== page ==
And die he does. Again, the art is impressive with a particular focus on the dropped take-out (some kind of prawn dish, it would seem) which is spattered with blood. The statement “I am an honest signal” appears at the bottom of the page, we turn over and now the apartment is a crime scene crawling with cops, who engage in the kind of banter fictional policemen always seem to use when confronted with violent death. Batman shows up; Renee Montoya gives him the room. And I experience the first jolt of uncertainty. Our dead man is Lamont Cranston. Not only is he the first murder victim in this apartment block (that Batman notes this is a bit weird – does he have a scorebook for this kind of thing?), but he’s bearing the name of The Shadow’s real identity. Which can’t be right, can it? Hmmm.
Then Cranston’s killer (or certainly the man whom Batman believes is Cranston’s killer) turns up, a… ahem… ‘shadowy’ figure in a broad-brimmed hat, and he turns out to be, of course… The Shadow. Oh, there are one or two things to say here. The page in which The Shadow is revealed is awesome. Rossmo’s art is poster-worthy here and Batman’s befuddled expression is a perfect reflection of my own when I read this. The pages leading up to that revelation are less wonderful. It is unusual for me to be quite so conflicted about an artist, but in Riley Rossmo’s case it’s impossible not to be. While some of his art is gloriously atmospheric, some of his more mundane panels are too ragged, too impressionistic to follow clearly. There is, to be fair, a very kinetic feel to the fight between Batman and The Shadow, but Rossmo’s decision to draw The Shadow mostly in silhouette in order to delay the revelation of his identity (and, presumably, highlight the character’s supernatural nature) is undermined, not only by the fact that The Shadow possesses one of the most easily identifiable silhouettes in the whole of pulp fiction, but also because it makes the fight too difficult to follow. I’m still not entirely sure if Batman punched The Shadow in the groin. It kind of looks like he did, but who knows? He’s laughing about it afterwards anyway.
Then… there’s the dialogue.
I must admit I had a mixed reaction on seeing this issue’s cover. On the one hand, it is really rather striking. Perhaps that red is a bit too bright, but seeing two tough and resourceful characters together – and particularly The Shadow with both guns blazing – is, well, pretty cool. On the other hand, there are names on that cover that, perhaps a little unfairly, give me pause, chief among them that of Steve Orlando who shares the writing duties with Scott Snyder. I’m not party to the inner workings of DC’s creative processes, but I strongly suspect that this is Snyder’s overall story and Orlando is mostly responsible for dialogue. It certainly reads like it.
Now, I understand that it’s probably foolish to expect entirely naturalistic dialogue from people who go around at night dressed in capes and cowls, but there’s a trend of heroes speaking about themselves in pompous overblown ways that thoroughly annoys me and Orlando indulges in it here. When The Shadow disappears at the end of his inclusive fight, Batman cries out, “Whoever you are, I hope you’re listening. Bats live in the shadows. I’m coming for you.” This all makes Batman seem remarkably weak – and just a little unhinged. I’d much rather have him realise he’s just been confused by The Shadow’s supernatural ability to cloud men’s minds, but I’m perhaps expecting too much here.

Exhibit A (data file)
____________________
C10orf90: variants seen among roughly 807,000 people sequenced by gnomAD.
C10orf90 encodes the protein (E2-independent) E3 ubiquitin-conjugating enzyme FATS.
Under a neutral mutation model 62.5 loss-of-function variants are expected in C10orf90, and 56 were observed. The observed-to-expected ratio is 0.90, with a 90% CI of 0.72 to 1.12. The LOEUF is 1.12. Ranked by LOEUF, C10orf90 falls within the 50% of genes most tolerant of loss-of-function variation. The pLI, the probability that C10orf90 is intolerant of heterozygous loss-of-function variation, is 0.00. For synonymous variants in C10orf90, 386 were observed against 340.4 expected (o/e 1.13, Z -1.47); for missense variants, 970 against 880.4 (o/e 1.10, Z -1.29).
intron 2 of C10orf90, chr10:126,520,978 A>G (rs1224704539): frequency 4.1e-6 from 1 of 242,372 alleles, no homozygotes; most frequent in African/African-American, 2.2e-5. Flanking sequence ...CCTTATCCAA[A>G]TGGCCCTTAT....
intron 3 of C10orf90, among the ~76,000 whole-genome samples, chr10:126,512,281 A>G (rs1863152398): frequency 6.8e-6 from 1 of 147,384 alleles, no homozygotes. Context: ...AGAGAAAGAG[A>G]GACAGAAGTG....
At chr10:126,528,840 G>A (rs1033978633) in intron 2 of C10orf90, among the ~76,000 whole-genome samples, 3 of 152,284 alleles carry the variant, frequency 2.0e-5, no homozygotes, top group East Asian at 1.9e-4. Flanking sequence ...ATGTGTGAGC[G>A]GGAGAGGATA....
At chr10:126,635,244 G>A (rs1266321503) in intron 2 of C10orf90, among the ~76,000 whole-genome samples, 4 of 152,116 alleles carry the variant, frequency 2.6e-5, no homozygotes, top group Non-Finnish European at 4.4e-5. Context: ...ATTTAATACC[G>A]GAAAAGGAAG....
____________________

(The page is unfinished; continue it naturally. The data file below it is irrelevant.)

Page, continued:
That said, some of the dialogue works considerably better. Renee Montoya’s feels very realistic and the writing team are good at evoking character and background very economically at times. At others, though, characters do speak like they’re refugees from a Victorian melodrama with a tendency to pontificate that is both jarring and faintly ludicrous. This includes a very weird-looking bellhop who reads far too much into a disguised Bruce Wayne’s small talk. But, I’m getting ahead of myself.
The rest of the issue is taken up with Batman – in a variety of guises, including a version of Matches Malone whose moustache amusingly flies off in the middle of a fight – tracking down members of The Shadow’s network of informants and assistants or, in a couple of cases, their descendants. The Shadow, it seems, operated out of Gotham in the 30s (oddly enough, so did Bat… oh, hang on) but there’s no clue as to how he’s still around now. Batman does manage to penetrate The Shadow’s inner sanctum, however, and finds evidence of his grandfather’s involvement with Cranston in the 30s as well as a clue that leads him back to… Ducard. And we end the issue as we began – with a conversation between Ducard and Bruce Wayne which ends in a manner that I suspect the creative team meant to be shocking and dramatic but I found abrupt, confusing and a little anti-climactic.
So, what to make of all this? I’m honestly not sure. In one sense, this is a better story than I might have expected. Rather than a straightforward team-up between the two characters, Snyder and Orlando have chosen to make The Shadow himself the mystery that Batman is determined to solve. That’s a decision whose boldness I can’t help but admire. The problems I have with this issue lie in its execution. While linking The Shadow to an already established character like Ducard is an interesting move, Orlando’s dialogue and Rossmo’s art are both inconsistent and the plotting is a bit lax at times. We never do see Renee Montoya come back from her cigarette break and, once he’s encountered The Shadow, Batman’s investigation of Cranston’s death seems to exclude co-operation with the GCPD entirely. While it’s nice to see Cranston’s love interest Margo Lane again, she yields up important information surprisingly easily. Perhaps she’s hoping that Batman can save him, but that’s by no means clear from the writing.